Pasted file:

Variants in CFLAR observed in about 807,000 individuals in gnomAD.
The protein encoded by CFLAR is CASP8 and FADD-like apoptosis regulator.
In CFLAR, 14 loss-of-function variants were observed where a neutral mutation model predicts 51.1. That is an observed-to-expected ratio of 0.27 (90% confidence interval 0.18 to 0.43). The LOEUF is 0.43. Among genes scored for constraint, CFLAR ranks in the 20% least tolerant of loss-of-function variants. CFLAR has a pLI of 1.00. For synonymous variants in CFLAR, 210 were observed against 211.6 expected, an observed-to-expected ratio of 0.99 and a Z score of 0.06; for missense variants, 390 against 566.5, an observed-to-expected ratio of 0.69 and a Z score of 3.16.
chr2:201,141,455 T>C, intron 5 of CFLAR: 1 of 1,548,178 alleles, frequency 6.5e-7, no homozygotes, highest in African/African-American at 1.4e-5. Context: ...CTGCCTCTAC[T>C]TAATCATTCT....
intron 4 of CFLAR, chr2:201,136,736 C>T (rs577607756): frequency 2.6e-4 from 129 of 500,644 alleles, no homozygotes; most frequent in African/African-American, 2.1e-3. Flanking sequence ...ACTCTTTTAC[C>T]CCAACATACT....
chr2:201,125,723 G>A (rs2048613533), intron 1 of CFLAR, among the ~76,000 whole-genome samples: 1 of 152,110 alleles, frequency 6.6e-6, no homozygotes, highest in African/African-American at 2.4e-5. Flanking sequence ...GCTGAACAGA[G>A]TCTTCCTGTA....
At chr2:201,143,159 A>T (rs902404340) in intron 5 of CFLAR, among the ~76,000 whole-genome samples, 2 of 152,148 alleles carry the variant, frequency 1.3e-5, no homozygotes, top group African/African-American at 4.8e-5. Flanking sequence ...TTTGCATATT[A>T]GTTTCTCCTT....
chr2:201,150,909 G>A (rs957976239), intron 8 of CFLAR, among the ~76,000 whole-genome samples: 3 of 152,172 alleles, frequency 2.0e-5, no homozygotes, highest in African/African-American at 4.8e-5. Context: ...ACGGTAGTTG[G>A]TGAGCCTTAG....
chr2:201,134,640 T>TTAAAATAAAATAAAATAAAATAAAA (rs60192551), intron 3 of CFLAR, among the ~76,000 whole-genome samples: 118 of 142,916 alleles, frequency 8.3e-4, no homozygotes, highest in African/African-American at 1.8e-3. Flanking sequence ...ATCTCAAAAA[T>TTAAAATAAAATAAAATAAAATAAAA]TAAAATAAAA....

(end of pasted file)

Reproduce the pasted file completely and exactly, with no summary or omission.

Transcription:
Variants in CFLAR observed in about 807,000 individuals in gnomAD.
The protein encoded by CFLAR is CASP8 and FADD-like apoptosis regulator.
In CFLAR, 14 loss-of-function variants were observed where a neutral mutation model predicts 51.1. That is an observed-to-expected ratio of 0.27 (90% confidence interval 0.18 to 0.43). The LOEUF is 0.43. Among genes scored for constraint, CFLAR ranks in the 20% least tolerant of loss-of-function variants. CFLAR has a pLI of 1.00. For synonymous variants in CFLAR, 210 were observed against 211.6 expected, an observed-to-expected ratio of 0.99 and a Z score of 0.06; for missense variants, 390 against 566.5, an observed-to-expected ratio of 0.69 and a Z score of 3.16.
chr2:201,141,455 T>C, intron 5 of CFLAR: 1 of 1,548,178 alleles, frequency 6.5e-7, no homozygotes, highest in African/African-American at 1.4e-5. Context: ...CTGCCTCTAC[T>C]TAATCATTCT....
intron 4 of CFLAR, chr2:201,136,736 C>T (rs577607756): frequency 2.6e-4 from 129 of 500,644 alleles, no homozygotes; most frequent in African/African-American, 2.1e-3. Flanking sequence ...ACTCTTTTAC[C>T]CCAACATACT....
chr2:201,125,723 G>A (rs2048613533), intron 1 of CFLAR, among the ~76,000 whole-genome samples: 1 of 152,110 alleles, frequency 6.6e-6, no homozygotes, highest in African/African-American at 2.4e-5. Flanking sequence ...GCTGAACAGA[G>A]TCTTCCTGTA....
At chr2:201,143,159 A>T (rs902404340) in intron 5 of CFLAR, among the ~76,000 whole-genome samples, 2 of 152,148 alleles carry the variant, frequency 1.3e-5, no homozygotes, top group African/African-American at 4.8e-5. Flanking sequence ...TTTGCATATT[A>T]GTTTCTCCTT....
chr2:201,150,909 G>A (rs957976239), intron 8 of CFLAR, among the ~76,000 whole-genome samples: 3 of 152,172 alleles, frequency 2.0e-5, no homozygotes, highest in African/African-American at 4.8e-5. Context: ...ACGGTAGTTG[G>A]TGAGCCTTAG....
chr2:201,134,640 T>TTAAAATAAAATAAAATAAAATAAAA (rs60192551), intron 3 of CFLAR, among the ~76,000 whole-genome samples: 118 of 142,916 alleles, frequency 8.3e-4, no homozygotes, highest in African/African-American at 1.8e-3. Flanking sequence ...ATCTCAAAAA[T>TTAAAATAAAATAAAATAAAATAAAA]TAAAATAAAA....